WILLOUGHBY HILLS, Ohio -- If Fallingwater is Frank Lloyd Wright's greatest work, then a house he designed in this Cleveland suburb is one of his most livable.
Owner Paul Penfield has opened up the Louis Penfield House to guests after spending four years restoring it to the iconic architect's original vision. It's one of three Wright houses in the country that allow Wright enthusiasts to spend the night. (The other two are in Wisconsin.)
Penfield, 60, lived in the house during his teenage years. His friends, who thought the place was a bit odd, nicknamed it "the steamboat house" because of its long, narrow design. Entering the house through slender double doors takes one past a floating wooden staircase, its steps suspended by rods from the ceiling. The entryway is like a bottleneck from which the home's spacious living area spills forth. Floor-to-ceiling windows on two sides and a third half-wall of windows allow for a panoramic view of the wooded lot and give the feeling of being outside while indoors. The sound of trickling water from a fountain and the glow from built-in wooden light fixtures set a soothing mood.
The living area illustrates Wright's fondness for open space. The kitchen is a narrow ribbon with a long counter that works great for a buffet line. Upstairs, corner windows in bedrooms give more sweeping views of the property's black cherry trees, poplars, and white pines. Wright's color scheme of ochre walls and reddish-stained wood provide a soft warmth.
"Here you really felt you were living with nature. That's what Frank Lloyd Wright wanted," said Marguerite Vonno, one of 300 people who've stayed at Penfield House since it opened for guests in 2003.
Matt and Cheryl Banning of Willoughby booked it first, for their wedding weekend, including pictures and the rehearsal dinner. They returned a year later for their anniversary.
"It's 11 o'clock at night. You've got a fire going. It's your house," Banning said.
That's the way Penfield and his wife, Donna, intended it.
"We want to give people the chance to experience it as if they were the homeowners themselves," Penfield said.
At other Wright landmarks, visitors are shuffled on tours from room to room. "Just walking through, you miss that sense of what it would be like to interact with it," Banning said.
Ron Scherubel, executive director of the Frank Lloyd Wright Building Conservancy, which advocates the preservation of the 400 remaining Wright structures, said he likes the idea of the houses being opened to guests.
"It spreads the word about how comfortable and beautiful Wright's houses are," Scherubel said.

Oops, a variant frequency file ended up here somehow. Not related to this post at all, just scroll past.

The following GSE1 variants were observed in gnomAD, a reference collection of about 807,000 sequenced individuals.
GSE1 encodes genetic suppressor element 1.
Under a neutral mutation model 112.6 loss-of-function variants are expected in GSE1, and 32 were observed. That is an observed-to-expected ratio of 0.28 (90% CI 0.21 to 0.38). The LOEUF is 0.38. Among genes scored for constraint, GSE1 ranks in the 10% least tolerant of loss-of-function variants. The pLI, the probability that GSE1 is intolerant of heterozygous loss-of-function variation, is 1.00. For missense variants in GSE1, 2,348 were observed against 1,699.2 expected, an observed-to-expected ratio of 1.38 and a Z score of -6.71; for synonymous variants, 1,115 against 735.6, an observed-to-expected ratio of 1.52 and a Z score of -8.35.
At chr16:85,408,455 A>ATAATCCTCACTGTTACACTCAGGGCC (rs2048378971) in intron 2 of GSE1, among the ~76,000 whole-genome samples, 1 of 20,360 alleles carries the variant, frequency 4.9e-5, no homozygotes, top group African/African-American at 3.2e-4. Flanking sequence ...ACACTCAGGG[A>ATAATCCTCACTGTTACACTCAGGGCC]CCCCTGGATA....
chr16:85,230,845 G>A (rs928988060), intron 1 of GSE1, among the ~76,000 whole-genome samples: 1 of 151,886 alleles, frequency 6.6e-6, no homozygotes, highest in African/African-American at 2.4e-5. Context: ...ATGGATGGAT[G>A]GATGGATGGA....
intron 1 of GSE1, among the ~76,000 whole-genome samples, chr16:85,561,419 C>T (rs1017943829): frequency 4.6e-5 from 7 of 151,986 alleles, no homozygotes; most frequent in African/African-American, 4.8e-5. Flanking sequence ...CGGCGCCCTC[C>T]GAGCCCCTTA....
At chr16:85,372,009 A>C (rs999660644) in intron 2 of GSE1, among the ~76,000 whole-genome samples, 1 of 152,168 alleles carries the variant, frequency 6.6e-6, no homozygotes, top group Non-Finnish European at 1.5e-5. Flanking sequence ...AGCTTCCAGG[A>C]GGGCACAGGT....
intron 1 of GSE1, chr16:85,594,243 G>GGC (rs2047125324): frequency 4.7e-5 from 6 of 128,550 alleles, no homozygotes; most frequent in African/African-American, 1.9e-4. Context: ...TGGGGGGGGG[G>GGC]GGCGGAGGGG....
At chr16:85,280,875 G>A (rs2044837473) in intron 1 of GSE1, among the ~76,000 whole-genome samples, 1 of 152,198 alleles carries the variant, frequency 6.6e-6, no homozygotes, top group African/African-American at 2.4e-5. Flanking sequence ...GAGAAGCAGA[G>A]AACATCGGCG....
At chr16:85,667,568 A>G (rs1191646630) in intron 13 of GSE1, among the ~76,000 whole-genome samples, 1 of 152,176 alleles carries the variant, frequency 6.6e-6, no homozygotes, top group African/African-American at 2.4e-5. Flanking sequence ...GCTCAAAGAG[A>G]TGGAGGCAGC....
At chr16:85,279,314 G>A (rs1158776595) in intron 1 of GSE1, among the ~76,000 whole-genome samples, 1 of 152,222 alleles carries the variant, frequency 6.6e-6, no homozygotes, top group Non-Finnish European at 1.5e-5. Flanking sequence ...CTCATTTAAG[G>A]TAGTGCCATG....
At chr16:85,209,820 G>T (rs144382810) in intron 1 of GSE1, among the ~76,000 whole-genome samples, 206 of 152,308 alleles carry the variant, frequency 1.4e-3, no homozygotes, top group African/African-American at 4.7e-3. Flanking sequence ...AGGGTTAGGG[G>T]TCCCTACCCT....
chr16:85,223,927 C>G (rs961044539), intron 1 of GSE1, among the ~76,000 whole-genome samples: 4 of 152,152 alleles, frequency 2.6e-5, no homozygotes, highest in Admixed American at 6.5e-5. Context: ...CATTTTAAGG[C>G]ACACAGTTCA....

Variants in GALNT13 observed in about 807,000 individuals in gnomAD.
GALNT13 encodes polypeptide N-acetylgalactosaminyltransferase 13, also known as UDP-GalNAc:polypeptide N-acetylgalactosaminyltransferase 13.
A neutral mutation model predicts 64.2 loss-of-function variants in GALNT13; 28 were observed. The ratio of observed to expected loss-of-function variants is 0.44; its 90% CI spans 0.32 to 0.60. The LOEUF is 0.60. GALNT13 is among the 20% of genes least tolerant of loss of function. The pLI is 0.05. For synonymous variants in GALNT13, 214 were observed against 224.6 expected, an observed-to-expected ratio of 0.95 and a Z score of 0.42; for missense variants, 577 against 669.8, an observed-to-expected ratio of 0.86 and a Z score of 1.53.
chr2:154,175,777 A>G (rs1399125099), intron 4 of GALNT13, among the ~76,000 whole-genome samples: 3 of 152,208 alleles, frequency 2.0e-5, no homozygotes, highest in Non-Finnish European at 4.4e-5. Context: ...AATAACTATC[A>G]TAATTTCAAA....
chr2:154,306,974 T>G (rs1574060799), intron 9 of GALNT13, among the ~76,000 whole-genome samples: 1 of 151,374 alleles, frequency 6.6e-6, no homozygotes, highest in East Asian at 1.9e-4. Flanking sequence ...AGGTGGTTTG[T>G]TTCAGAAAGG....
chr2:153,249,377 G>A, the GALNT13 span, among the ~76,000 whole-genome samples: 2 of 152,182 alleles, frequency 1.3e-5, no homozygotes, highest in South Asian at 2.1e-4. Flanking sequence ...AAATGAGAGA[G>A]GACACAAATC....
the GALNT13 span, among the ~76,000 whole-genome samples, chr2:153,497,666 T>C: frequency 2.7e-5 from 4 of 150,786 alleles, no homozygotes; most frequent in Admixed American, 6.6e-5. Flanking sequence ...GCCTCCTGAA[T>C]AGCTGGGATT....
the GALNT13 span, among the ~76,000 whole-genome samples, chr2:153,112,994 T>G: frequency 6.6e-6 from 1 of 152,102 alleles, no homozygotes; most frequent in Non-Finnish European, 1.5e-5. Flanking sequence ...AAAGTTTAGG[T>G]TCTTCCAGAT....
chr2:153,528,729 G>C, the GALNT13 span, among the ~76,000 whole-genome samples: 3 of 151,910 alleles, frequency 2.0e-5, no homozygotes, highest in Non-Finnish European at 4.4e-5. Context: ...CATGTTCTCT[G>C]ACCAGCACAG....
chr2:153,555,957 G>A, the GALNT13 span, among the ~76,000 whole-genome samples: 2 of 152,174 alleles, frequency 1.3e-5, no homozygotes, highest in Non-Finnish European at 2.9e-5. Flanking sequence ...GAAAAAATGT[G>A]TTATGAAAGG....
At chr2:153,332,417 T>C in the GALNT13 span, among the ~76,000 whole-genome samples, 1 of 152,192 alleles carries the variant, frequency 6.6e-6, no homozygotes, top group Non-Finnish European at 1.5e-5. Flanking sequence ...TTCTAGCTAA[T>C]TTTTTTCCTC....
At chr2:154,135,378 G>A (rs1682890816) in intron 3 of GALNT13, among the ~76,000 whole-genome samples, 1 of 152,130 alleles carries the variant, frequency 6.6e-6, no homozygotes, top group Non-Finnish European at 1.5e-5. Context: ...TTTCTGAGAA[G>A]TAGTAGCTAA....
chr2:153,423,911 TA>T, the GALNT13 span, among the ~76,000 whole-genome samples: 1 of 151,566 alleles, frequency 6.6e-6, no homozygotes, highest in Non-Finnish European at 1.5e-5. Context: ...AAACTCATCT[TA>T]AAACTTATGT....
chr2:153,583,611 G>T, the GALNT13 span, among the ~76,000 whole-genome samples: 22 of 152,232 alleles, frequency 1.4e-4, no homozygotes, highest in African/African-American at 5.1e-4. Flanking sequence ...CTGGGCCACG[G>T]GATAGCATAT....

The Seth Peterson Cottage in Lake Delton, Wis., was the first Wright home to open to guests, in 1992. In Mirror Lake State Park on a bluff overlooking the lake, the once boarded-up structure underwent a $350,000 renovation financed by donations.
"It's a very good example of how Wright could make a small space seem big," Scherubel said.
The roomy Bernard Schwartz House in Two Rivers, Wis., opened in June. Owners Terry Records and Jason Nordhougen teamed with Michael Ditmer, a Wright fan who does remodeling work, to renovate the four-bedroom house and share it with the public.
"It's really living in a work of art," Ditmer said of a stay there.
Wright (1867-1959) has been recognized by the American Institute of Architects as the greatest American architect of all time. He designed buildings to fit into their settings and viewed them as not just structures but as ideas that permeate the inhabitants' lives.
Penfield's father, Louis, was a painter who became acquainted with Wright and asked him to design a house that would fit his 6-foot-8-inch frame. Wright generally designed short entryways but took on the project, charging $2,500 and including plenty of clearance for Penfield's head.
Paul Penfield was a child when he accompanied his father to visit Wright at Taliesin, his home in Wisconsin. He remembers Wright as a stately man with long flowing white hair whose office was at the end of a long corridor.
"He's portrayed as a curmudgeon, but he really wasn't," Penfield said.
The Penfield House was built in 1955 for $25,000 and is one of Wright's "Usonians." Wright is well known for grand homes, like Fallingwater in western Pennsylvania, which was designed for the wealthy Kaufmann family. Its setting atop a waterfall is a supreme example of Wright's organic architecture, an integration of nature and structure. But his Usonians were more modest homes meant to be lived in by everyday Americans.
The Penfield House fell into disrepair after the family moved out and turned it into a rental property for about five years. Penfield put $100,000 into the restoration and did most of the work himself. He replaced its flat, leaky roof -- another Wright trademark -- and refinished the extensive interior and exterior wood surfaces, wearing out a number of power sanders along the way. He even milled trees from the property to build cabinets and furniture, such as platform beds, chairs, and tables, based on Wright's angular designs. Finishing touches included items such as a rotary phone and a typewriter that keep the feel of the decade in which the home was built.
"My favorite time is the dead of winter when the snow is falling and the fire is going. . . . It's as romantic as you can possibly find for a single-family dwelling," Penfield said. Vonno drove with her husband from Washington, D.C., to stay at the house and intended to visit Cleveland, only 15 miles away. But they enjoyed the place so much they stayed the entire weekend.
"I liked Fallingwater, but I was not attracted to living in the house," she said. "We could live in the Penfield House."